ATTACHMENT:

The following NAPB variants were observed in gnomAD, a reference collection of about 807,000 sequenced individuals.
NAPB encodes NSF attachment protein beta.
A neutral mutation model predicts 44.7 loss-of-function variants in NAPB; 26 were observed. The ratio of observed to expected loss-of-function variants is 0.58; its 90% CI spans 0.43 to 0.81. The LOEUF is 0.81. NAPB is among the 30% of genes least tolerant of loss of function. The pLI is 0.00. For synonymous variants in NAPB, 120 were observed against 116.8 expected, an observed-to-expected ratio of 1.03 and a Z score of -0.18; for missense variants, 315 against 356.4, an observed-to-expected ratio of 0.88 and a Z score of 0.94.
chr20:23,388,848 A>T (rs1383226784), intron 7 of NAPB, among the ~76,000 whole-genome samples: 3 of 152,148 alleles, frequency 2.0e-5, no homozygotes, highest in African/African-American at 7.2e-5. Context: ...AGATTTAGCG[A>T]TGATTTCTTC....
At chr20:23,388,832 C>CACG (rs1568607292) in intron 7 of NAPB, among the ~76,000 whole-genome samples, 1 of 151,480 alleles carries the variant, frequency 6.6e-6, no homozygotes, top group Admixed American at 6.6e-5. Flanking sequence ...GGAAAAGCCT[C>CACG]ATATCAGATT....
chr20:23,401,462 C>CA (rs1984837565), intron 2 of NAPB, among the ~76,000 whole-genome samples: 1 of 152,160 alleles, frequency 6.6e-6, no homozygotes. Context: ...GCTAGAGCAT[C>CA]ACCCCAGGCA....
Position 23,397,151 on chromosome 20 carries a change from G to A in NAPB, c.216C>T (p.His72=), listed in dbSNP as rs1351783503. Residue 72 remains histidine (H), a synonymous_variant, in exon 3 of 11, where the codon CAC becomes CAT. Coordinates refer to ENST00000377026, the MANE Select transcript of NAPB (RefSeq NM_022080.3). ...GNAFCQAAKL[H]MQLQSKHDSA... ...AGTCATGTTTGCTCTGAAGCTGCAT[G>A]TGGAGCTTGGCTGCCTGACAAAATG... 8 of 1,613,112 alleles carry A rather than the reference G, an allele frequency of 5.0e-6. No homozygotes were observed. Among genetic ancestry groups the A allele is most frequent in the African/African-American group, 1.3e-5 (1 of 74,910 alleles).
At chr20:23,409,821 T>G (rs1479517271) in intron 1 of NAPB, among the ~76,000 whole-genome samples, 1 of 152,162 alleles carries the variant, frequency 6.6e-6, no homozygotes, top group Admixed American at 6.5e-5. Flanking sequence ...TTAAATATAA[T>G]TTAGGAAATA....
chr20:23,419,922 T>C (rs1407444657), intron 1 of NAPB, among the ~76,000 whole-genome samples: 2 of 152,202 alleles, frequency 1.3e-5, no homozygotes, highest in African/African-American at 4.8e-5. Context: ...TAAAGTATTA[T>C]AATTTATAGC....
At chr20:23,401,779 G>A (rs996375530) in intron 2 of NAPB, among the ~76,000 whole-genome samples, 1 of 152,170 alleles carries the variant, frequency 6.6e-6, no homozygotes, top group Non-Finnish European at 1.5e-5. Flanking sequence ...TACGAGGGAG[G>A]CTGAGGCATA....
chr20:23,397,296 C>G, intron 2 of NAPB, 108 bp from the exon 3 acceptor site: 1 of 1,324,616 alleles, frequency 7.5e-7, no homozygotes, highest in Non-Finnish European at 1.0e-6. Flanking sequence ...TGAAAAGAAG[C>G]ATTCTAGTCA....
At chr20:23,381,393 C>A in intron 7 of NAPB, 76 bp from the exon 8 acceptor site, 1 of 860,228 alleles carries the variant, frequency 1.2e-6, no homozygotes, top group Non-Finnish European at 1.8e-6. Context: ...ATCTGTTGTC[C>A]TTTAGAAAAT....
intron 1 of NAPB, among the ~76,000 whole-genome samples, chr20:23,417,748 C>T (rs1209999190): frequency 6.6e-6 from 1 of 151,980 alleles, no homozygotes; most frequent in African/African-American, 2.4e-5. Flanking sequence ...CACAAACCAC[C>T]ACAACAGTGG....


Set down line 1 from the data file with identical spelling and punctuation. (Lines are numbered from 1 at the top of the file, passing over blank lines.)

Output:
The following NAPB variants were observed in gnomAD, a reference collection of about 807,000 sequenced individuals.